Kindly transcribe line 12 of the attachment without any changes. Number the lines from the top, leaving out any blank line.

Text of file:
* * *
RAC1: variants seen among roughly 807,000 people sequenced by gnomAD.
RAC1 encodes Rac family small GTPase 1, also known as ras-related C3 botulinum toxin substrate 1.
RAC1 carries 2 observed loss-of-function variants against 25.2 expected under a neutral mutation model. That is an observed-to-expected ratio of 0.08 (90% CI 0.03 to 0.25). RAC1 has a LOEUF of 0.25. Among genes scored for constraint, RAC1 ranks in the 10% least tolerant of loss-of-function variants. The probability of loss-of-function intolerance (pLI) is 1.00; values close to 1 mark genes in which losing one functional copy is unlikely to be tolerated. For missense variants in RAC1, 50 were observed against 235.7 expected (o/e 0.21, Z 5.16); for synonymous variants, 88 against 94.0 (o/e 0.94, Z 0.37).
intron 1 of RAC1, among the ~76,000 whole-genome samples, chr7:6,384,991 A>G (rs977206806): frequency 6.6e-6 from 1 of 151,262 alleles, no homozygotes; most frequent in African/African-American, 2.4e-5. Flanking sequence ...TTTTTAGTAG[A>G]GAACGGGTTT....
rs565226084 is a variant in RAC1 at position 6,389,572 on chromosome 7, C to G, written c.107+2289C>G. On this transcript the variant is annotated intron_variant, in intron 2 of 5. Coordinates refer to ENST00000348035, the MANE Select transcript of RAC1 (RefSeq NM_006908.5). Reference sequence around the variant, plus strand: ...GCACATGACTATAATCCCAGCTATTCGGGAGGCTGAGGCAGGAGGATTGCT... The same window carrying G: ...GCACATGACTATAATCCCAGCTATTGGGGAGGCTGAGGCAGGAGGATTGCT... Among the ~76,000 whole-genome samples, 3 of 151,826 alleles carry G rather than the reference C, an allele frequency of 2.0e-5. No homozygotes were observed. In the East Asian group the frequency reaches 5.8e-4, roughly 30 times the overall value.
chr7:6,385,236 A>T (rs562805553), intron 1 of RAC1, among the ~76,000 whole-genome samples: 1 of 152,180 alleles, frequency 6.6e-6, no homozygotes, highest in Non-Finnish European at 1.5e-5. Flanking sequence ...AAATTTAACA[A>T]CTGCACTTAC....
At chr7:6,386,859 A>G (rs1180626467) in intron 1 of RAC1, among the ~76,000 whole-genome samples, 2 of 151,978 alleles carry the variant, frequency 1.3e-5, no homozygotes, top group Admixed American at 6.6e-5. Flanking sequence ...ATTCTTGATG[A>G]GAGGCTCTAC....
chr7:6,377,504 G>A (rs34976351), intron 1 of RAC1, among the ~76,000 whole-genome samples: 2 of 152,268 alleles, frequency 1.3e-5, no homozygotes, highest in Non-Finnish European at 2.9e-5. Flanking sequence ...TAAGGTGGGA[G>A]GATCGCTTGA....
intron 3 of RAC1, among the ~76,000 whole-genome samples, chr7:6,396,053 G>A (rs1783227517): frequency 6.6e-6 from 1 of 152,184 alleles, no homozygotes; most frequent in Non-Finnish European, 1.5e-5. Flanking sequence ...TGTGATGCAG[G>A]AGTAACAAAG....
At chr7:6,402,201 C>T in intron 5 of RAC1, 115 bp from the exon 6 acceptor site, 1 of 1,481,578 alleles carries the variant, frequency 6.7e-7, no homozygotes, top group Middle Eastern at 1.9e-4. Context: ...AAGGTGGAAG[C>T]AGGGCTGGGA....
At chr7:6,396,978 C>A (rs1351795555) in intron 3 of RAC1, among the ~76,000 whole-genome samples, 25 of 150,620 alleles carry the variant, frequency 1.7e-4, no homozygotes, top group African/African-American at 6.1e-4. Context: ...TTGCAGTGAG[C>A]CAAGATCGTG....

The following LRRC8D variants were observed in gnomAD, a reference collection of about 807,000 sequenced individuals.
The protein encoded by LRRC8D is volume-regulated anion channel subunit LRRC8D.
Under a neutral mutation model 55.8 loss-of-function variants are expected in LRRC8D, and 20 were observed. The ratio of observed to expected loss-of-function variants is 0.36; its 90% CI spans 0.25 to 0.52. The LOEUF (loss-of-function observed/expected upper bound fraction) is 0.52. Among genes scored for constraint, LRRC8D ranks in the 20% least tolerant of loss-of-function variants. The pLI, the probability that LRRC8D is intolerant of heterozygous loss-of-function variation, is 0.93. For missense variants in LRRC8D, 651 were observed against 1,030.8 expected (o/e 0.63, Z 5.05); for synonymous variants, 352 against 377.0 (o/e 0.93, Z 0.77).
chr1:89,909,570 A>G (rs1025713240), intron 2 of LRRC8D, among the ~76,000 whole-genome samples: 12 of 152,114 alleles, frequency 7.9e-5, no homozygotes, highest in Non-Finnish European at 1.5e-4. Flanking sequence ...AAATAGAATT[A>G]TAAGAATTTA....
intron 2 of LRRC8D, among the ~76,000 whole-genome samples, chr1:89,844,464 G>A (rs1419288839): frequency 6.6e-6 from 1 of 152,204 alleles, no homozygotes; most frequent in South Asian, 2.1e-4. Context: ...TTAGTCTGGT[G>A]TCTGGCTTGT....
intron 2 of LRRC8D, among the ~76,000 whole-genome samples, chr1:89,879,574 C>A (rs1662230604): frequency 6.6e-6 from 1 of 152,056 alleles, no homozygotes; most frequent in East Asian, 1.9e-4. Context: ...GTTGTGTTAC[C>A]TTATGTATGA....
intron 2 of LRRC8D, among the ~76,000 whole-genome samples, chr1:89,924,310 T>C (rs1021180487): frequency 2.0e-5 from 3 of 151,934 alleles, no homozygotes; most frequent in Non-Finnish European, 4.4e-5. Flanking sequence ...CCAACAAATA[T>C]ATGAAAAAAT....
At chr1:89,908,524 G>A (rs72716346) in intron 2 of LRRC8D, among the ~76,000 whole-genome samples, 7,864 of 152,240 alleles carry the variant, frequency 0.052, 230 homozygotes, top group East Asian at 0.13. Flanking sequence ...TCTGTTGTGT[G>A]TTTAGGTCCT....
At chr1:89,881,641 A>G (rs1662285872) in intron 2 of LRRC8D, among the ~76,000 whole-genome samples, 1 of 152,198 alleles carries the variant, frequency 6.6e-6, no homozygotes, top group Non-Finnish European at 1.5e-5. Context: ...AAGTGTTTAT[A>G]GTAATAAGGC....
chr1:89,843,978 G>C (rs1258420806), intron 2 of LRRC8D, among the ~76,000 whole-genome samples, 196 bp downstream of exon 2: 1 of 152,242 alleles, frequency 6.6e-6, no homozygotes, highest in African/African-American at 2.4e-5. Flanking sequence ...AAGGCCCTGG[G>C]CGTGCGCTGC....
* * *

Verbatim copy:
The following LRRC8D variants were observed in gnomAD, a reference collection of about 807,000 sequenced individuals.